You see, that’s what the Evangelical community (my community, folks – I’m not an outsider) has become. We look at specific sin-indicators – SINDICATORS, if you will, as single-issue make-or-break support-or-shun dilemmas. I’ve seen people online rail against Ms. Daigle. I’m sure some are calling for a boycott.
But I’ve got a couple problems with this. First, Ms. Daigle is a pop singer. She’s not an evangelist. She’s not a preacher. She’s not a theologian. She’s a pop singer. Is it her place to take a nuanced public theological position about every issue we believe?
Second, our SINDICATORS are not good data points for gauging salvation. The Bible says that belief in the Lord Jesus Christ is the prerequisite for salvation. After that, God’s working on all of us in our spiritual journeys.
Or do we not REALLY believe in grace?
‘Cause if we DO, that means heaven will be filled with saved people who are drunkards, adulterers, slanderers, and those who have same-sex attraction. Yes, I know the words of the Apostle Paul in 1 Corinthians 6:
Or do you not know that the unrighteous will not inherit the kingdom of God? Do not be deceived: neither the sexually immoral, nor idolaters, nor adulterers, nor men who practice homosexuality, 10 nor thieves, nor the greedy, nor drunkards, nor revilers, nor swindlers will inherit the kingdom of God.And such were some of you. But you were washed, you were sanctified, you were justified in the name of the Lord Jesus Christ and by the Spirit of our God.
Many Christians use this passage to beat up on sinners who fall into these categories. But Paul doesn’t give a black and white cut-off. In fact, he clearly indicates that coming to Jesus results in a transformation away from sinful behavior. But he doesn’t give a timeline of how fast the transformation takes.
It’s easier to live in a black and white world where we condemn everyone who isn’t like us and we shun all artists who disagree with our theology. But there are far too many stones being thrown – not just at the sinners, but at Christians like Lauren Daigle – and I know that you stone-throwers are not without sin.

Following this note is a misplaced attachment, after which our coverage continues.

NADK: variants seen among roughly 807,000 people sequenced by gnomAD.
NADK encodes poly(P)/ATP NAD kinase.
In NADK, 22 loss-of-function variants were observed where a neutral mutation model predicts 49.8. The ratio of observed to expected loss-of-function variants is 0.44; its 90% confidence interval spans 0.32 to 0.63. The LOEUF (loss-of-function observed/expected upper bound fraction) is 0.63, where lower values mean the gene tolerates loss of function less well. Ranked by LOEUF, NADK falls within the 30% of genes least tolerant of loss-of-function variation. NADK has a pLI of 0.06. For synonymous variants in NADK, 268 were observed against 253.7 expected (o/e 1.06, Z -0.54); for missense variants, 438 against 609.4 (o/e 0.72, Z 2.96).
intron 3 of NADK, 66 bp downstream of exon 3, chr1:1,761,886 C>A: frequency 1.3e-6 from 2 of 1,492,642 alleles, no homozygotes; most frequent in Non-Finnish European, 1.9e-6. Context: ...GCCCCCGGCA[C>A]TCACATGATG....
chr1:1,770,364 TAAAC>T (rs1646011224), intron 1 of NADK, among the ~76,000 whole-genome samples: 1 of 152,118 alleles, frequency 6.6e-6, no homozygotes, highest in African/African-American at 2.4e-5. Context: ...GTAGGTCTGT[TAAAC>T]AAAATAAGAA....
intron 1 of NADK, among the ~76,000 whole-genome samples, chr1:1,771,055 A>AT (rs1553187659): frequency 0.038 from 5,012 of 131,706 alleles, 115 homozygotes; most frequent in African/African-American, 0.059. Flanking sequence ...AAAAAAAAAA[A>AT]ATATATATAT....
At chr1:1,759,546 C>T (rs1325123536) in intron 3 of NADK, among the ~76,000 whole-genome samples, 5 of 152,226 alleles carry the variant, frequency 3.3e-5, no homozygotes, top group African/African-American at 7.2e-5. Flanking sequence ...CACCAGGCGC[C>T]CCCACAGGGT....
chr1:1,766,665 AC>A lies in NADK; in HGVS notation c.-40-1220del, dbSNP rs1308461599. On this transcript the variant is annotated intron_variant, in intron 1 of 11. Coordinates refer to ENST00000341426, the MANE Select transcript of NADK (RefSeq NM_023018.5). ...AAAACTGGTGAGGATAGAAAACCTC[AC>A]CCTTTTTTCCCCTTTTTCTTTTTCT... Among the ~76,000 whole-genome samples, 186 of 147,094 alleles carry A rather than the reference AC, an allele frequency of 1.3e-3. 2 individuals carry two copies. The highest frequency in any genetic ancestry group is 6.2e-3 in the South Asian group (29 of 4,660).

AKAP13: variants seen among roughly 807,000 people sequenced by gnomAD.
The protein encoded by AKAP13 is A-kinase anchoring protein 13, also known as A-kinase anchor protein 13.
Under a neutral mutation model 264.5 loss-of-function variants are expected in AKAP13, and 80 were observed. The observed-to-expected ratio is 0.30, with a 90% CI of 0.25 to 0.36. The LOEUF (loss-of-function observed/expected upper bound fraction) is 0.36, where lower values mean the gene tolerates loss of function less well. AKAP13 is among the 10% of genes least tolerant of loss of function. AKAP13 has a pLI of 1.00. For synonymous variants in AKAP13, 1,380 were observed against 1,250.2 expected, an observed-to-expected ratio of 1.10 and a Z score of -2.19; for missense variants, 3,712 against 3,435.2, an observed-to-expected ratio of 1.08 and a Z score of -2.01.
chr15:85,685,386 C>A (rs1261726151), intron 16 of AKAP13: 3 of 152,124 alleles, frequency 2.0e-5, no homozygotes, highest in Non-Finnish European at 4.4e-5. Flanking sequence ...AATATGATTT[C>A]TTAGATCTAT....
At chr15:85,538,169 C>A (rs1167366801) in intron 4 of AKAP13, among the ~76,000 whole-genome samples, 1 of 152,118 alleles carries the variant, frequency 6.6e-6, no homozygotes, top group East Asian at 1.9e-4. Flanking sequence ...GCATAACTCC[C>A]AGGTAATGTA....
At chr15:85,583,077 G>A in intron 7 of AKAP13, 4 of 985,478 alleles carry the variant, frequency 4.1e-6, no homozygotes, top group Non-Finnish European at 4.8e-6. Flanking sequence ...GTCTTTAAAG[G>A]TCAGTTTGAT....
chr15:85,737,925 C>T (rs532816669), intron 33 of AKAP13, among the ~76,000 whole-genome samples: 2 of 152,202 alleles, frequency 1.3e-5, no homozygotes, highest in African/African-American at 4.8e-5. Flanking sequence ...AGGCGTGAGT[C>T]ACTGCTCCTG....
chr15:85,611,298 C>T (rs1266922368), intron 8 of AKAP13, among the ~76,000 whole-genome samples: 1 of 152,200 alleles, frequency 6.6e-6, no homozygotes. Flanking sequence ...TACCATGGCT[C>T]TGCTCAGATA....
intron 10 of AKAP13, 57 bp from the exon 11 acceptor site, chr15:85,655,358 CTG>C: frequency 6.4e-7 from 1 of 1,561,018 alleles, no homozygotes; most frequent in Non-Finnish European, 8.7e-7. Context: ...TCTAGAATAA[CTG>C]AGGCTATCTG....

A white Christian man was driving down from Las Vegas to Los Angeles, and his car had some massive mechanical failure and died on the side of the road. He was in the middle of nowhere with no cell phone signal in the heat of the day. If he didn’t get help, and soon, he would be in serious risk for heat stroke or death.
Now by chance an off-duty police officer was going down that road but, after he saw the distressed man, he passed right on by. He had some important personal issues to attend to. So likewise a Republican congressman, when he came to the place and saw him, passed by without slowing down – he had to get to a town hall meeting.
But an undocumented immigrant, as he journeyed, came to where the stranded man was, and when he saw him, he had compassion.He went to him and gave him food and drink. Then he made room in his own vehicle and brought him to a auto repair shop and took care of him. He took out $140 and gave it to the mechanic, saying, “Take care of him, and whatever more you spend, I will repay you when I come back through.”
Which of these three, do you think, proved to be a neighbor to the man who was stranded and in distress?
For the last 67 days (holy cow, has it been that long???), my friend Eric and I have been posting the Sermon on the Mount on social media piece by piece. For those of you who may not know, the Sermon on the Mount is the passage of Jesus’s teaching found in Matthew 5-7. It’s been an interesting project, to say the least.
As a wrap up to the project, we answered 5 questions. I’ve added Eric’s answers without edit (so blame him if you spot a grammar mistake!). Ultimately, this project was not about telling Jesus to shut up. Many people tend to ignore or shut him up when his words clash with their lives. Rather, Eric and I wanted HIS words to be heard anew. So here you go:
Why did you want to do this project?
ERIC: I actually started this project at the suggestion of my friend, Todd. It kept coming up in discussion several weeks prior how Jesus’ Sermon on the Mount is controversial, even today, and how even many Christians are offended by things that Jesus in this particular sermon. Todd suggested posting it verse by verse or section by section without any commentary just to see how people react. Sort of give people a “slow reading” of it. I prayed over it and had absolute peace about doing it. So, it began…
CHRIS: For me it started when I saw the Facebook thread between Eric and Todd. They were talking about posting the Sermon on the Mount (SotM) piece by piece every day. I thought it was a great idea for a couple of reasons. First, the SotM was not originally a unified message given at one time. It’s a collection of the teachings of Jesus that Matthew compiled wrote out. Posting it on social media bit by bit would have been close to the way Jesus taught it – little bits at a time rather than a multiple chapter treatise on ethical and moral behavior. Second, with all of the negative junk that’s posted every day, I wanted to be one of the voices posting things that build up and develop people. True, Jesus’s words aren’t words of encouragement, but they can build us up spiritually, morally, and ethically.
Did you have any difficulties carrying it out?
ERIC: My greatest difficulty was remembering where I left off the day before! I would do it first thing in the morning, and sometimes I wasn’t fully awake! LOL!! But the greatest difficulty for me, personally, was just the weight of Christ’s words. They’re heavy at times. In giving others a sort of “slow reading” of it you force yourself to read it slowly and REALLY consider what Christ is saying! Matthew 5:44 was particularly heavy for me. During this time it seems like I had enemies coming out of the woodwork. And here’s Jesus telling me to pray for them! NOT EASY! Certainly challenging! But, I submitted and did it!